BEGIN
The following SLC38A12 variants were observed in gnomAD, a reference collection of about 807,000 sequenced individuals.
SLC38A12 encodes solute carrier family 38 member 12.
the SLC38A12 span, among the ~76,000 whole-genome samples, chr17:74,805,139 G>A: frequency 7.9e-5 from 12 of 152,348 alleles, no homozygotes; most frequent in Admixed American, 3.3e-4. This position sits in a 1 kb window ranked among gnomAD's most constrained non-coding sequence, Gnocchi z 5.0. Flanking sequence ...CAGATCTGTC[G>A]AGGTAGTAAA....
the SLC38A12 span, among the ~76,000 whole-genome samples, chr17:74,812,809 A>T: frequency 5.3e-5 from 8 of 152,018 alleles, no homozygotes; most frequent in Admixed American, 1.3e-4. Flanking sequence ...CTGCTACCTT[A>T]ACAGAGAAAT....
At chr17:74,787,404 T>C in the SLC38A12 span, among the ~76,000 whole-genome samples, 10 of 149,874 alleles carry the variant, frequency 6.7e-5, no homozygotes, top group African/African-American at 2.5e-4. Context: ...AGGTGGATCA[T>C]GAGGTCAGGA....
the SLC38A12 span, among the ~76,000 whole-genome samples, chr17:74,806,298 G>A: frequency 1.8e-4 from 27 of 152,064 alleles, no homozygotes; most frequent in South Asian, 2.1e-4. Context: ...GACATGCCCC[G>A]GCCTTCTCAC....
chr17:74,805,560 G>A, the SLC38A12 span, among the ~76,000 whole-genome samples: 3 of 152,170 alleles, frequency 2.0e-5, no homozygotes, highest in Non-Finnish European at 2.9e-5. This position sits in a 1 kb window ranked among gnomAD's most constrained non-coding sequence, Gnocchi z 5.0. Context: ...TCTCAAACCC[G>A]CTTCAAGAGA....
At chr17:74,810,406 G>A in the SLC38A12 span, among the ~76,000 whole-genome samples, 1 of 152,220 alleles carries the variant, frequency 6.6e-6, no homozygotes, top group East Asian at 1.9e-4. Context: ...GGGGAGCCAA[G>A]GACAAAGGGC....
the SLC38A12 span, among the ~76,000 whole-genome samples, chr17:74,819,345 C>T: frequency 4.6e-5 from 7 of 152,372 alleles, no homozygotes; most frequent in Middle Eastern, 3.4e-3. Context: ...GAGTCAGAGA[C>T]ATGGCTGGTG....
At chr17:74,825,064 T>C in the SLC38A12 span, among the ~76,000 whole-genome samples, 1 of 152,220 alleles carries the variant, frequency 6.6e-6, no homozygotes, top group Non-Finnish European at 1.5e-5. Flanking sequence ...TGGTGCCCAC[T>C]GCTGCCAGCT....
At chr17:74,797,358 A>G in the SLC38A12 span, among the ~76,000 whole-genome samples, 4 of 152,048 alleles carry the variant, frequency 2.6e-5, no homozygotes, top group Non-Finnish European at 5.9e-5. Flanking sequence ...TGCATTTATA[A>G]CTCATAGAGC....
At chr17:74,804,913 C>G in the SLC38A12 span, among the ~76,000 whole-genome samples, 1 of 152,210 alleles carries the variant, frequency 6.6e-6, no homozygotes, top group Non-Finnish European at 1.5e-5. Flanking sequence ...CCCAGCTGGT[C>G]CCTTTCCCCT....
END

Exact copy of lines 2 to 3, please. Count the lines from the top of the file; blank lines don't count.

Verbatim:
SLC38A12 encodes solute carrier family 38 member 12.
the SLC38A12 span, among the ~76,000 whole-genome samples, chr17:74,805,139 G>A: frequency 7.9e-5 from 12 of 152,348 alleles, no homozygotes; most frequent in Admixed American, 3.3e-4. This position sits in a 1 kb window ranked among gnomAD's most constrained non-coding sequence, Gnocchi z 5.0. Flanking sequence ...CAGATCTGTC[G>A]AGGTAGTAAA....